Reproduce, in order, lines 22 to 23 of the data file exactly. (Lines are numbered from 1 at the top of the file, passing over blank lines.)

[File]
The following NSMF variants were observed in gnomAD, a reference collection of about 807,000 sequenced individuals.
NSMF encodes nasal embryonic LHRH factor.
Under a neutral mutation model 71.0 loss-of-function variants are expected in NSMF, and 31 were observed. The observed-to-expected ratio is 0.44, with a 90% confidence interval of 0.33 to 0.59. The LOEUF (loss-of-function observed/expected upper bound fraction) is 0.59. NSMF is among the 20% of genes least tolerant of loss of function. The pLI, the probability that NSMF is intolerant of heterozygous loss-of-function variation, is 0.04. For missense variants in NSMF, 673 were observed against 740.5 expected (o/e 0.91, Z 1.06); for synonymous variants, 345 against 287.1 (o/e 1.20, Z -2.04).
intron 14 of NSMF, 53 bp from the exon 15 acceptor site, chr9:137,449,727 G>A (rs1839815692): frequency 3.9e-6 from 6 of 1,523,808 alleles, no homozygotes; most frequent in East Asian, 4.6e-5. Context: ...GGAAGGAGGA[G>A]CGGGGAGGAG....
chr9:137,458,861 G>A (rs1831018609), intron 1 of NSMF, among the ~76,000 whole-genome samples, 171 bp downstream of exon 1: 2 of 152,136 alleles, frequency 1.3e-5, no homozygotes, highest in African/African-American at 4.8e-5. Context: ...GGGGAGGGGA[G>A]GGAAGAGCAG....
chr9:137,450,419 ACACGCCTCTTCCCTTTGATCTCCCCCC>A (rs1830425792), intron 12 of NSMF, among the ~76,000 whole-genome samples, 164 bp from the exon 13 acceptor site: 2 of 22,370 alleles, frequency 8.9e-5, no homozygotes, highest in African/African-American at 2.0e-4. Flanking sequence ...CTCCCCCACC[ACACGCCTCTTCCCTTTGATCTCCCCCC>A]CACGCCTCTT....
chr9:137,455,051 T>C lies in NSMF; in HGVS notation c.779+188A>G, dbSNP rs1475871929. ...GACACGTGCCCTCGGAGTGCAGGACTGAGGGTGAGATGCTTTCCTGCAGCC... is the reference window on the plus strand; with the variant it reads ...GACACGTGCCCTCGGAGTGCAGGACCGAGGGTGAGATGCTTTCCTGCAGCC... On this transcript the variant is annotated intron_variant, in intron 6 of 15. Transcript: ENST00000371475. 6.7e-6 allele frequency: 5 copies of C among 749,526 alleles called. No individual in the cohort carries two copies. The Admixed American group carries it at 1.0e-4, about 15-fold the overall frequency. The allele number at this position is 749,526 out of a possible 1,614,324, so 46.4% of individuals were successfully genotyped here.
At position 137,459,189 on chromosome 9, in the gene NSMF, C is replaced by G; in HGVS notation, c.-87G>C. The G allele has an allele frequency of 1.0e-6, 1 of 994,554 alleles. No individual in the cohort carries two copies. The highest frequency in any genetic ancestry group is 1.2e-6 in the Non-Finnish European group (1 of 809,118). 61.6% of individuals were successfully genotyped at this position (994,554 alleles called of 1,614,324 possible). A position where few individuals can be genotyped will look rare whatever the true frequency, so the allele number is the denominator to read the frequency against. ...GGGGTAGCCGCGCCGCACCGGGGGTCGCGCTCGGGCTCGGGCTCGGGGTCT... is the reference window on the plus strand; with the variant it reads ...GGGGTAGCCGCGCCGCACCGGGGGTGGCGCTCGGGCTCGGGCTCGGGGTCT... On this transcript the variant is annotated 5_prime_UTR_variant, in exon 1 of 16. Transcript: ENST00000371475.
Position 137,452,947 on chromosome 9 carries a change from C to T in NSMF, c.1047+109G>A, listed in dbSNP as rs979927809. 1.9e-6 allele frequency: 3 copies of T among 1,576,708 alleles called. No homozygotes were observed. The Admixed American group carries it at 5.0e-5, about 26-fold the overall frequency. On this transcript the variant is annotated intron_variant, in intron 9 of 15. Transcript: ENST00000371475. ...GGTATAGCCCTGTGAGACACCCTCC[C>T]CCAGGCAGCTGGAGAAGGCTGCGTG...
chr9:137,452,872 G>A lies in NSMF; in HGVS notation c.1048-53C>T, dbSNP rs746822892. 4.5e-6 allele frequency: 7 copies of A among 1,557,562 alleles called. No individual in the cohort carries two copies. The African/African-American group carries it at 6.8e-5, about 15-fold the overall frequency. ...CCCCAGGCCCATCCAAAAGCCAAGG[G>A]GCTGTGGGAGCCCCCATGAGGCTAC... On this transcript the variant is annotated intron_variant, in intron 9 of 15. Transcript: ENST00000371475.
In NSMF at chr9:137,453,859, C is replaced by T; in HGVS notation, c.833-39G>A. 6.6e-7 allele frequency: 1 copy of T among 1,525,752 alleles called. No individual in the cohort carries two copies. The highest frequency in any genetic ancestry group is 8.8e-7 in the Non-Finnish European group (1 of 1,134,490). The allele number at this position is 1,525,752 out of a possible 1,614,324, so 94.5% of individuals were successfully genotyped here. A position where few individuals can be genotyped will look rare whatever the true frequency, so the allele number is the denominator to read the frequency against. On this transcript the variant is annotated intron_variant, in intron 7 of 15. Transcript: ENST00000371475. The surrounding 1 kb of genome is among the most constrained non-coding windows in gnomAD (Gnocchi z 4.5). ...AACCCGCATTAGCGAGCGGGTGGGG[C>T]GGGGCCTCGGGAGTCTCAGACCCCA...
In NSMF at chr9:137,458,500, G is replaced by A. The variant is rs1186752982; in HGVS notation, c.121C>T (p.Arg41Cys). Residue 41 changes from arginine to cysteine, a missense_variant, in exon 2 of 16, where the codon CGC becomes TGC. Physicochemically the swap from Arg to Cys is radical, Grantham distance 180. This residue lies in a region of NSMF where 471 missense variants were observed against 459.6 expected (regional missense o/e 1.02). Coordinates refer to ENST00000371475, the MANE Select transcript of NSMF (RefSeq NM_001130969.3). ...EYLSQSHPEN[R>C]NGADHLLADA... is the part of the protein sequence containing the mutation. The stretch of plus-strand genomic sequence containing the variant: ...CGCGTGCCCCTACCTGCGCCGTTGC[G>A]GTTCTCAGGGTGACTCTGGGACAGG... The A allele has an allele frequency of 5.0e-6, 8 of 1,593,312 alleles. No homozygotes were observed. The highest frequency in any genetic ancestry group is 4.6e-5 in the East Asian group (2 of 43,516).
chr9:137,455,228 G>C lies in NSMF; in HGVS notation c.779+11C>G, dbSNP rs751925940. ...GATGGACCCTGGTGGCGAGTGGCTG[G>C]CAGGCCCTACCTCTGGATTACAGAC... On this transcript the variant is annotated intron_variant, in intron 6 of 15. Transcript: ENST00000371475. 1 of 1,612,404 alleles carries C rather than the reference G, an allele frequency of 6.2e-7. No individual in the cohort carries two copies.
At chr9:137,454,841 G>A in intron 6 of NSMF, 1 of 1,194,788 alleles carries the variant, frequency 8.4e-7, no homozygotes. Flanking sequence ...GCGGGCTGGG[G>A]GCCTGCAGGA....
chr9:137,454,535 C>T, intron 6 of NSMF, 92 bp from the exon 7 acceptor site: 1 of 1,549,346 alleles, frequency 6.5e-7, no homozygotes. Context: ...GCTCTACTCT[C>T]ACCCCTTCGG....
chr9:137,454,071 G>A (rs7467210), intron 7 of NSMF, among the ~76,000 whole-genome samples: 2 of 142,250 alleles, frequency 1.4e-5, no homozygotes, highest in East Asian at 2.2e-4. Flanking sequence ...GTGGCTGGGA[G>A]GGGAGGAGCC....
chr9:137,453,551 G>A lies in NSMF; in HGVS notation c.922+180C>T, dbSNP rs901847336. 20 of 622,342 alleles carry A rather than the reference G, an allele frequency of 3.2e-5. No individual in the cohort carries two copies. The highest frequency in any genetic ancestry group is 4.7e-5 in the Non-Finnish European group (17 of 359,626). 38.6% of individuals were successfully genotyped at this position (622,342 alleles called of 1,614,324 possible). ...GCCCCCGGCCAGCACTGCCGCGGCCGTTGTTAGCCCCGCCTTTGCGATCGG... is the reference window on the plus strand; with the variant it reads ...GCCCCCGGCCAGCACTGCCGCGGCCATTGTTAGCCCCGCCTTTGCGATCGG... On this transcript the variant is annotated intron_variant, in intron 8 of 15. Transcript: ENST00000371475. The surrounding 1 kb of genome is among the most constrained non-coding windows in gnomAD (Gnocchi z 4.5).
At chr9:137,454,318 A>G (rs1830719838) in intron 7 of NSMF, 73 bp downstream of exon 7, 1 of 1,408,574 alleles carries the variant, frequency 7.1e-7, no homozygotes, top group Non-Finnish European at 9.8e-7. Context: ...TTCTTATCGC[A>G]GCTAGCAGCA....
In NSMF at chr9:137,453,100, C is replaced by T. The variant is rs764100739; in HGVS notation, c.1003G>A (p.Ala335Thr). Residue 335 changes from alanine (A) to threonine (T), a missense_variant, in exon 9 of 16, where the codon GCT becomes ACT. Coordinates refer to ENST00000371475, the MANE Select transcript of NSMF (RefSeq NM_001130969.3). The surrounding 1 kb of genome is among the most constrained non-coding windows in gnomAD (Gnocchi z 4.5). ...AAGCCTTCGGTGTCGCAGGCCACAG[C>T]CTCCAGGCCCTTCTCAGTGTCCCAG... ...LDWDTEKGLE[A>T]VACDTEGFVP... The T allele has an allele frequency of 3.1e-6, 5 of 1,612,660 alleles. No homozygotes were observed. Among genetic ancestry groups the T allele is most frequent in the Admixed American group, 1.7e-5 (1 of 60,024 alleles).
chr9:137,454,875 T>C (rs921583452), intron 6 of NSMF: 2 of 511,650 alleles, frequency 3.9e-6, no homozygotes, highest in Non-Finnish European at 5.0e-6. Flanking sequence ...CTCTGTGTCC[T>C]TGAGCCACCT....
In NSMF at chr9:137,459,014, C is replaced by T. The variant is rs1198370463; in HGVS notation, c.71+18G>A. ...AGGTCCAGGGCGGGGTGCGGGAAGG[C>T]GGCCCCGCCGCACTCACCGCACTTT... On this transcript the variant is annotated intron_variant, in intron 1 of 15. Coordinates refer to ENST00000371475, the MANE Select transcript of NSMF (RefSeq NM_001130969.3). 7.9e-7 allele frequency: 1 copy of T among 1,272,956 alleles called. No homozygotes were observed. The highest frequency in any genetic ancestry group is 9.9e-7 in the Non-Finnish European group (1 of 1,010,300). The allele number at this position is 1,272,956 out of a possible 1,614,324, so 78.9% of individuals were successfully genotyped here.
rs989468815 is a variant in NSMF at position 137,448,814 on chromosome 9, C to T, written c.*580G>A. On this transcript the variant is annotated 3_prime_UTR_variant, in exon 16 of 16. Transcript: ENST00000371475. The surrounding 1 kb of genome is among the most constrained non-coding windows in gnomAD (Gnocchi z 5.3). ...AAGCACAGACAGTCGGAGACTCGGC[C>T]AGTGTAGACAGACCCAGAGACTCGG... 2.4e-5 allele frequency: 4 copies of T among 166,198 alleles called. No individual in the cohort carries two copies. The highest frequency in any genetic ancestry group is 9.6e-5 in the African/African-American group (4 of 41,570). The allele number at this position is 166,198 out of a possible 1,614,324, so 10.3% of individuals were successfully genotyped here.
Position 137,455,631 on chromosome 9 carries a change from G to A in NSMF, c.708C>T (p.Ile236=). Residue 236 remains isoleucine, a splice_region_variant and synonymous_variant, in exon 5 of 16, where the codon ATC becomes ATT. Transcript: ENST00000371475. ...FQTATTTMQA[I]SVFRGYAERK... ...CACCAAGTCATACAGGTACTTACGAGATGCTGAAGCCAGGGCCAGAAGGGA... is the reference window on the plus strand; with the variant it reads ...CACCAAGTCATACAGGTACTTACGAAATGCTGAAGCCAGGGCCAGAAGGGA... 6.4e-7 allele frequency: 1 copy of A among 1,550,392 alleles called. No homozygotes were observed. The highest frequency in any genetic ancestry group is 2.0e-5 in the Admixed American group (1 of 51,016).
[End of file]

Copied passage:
rs989468815 is a variant in NSMF at position 137,448,814 on chromosome 9, C to T, written c.*580G>A. On this transcript the variant is annotated 3_prime_UTR_variant, in exon 16 of 16. Transcript: ENST00000371475. The surrounding 1 kb of genome is among the most constrained non-coding windows in gnomAD (Gnocchi z 5.3). ...AAGCACAGACAGTCGGAGACTCGGC[C>T]AGTGTAGACAGACCCAGAGACTCGG... 2.4e-5 allele frequency: 4 copies of T among 166,198 alleles called. No individual in the cohort carries two copies. The highest frequency in any genetic ancestry group is 9.6e-5 in the African/African-American group (4 of 41,570). The allele number at this position is 166,198 out of a possible 1,614,324, so 10.3% of individuals were successfully genotyped here.
Position 137,455,631 on chromosome 9 carries a change from G to A in NSMF, c.708C>T (p.Ile236=). Residue 236 remains isoleucine, a splice_region_variant and synonymous_variant, in exon 5 of 16, where the codon ATC becomes ATT. Transcript: ENST00000371475. ...FQTATTTMQA[I]SVFRGYAERK... ...CACCAAGTCATACAGGTACTTACGAGATGCTGAAGCCAGGGCCAGAAGGGA... is the reference window on the plus strand; with the variant it reads ...CACCAAGTCATACAGGTACTTACGAAATGCTGAAGCCAGGGCCAGAAGGGA... 6.4e-7 allele frequency: 1 copy of A among 1,550,392 alleles called. No homozygotes were observed. The highest frequency in any genetic ancestry group is 2.0e-5 in the Admixed American group (1 of 51,016).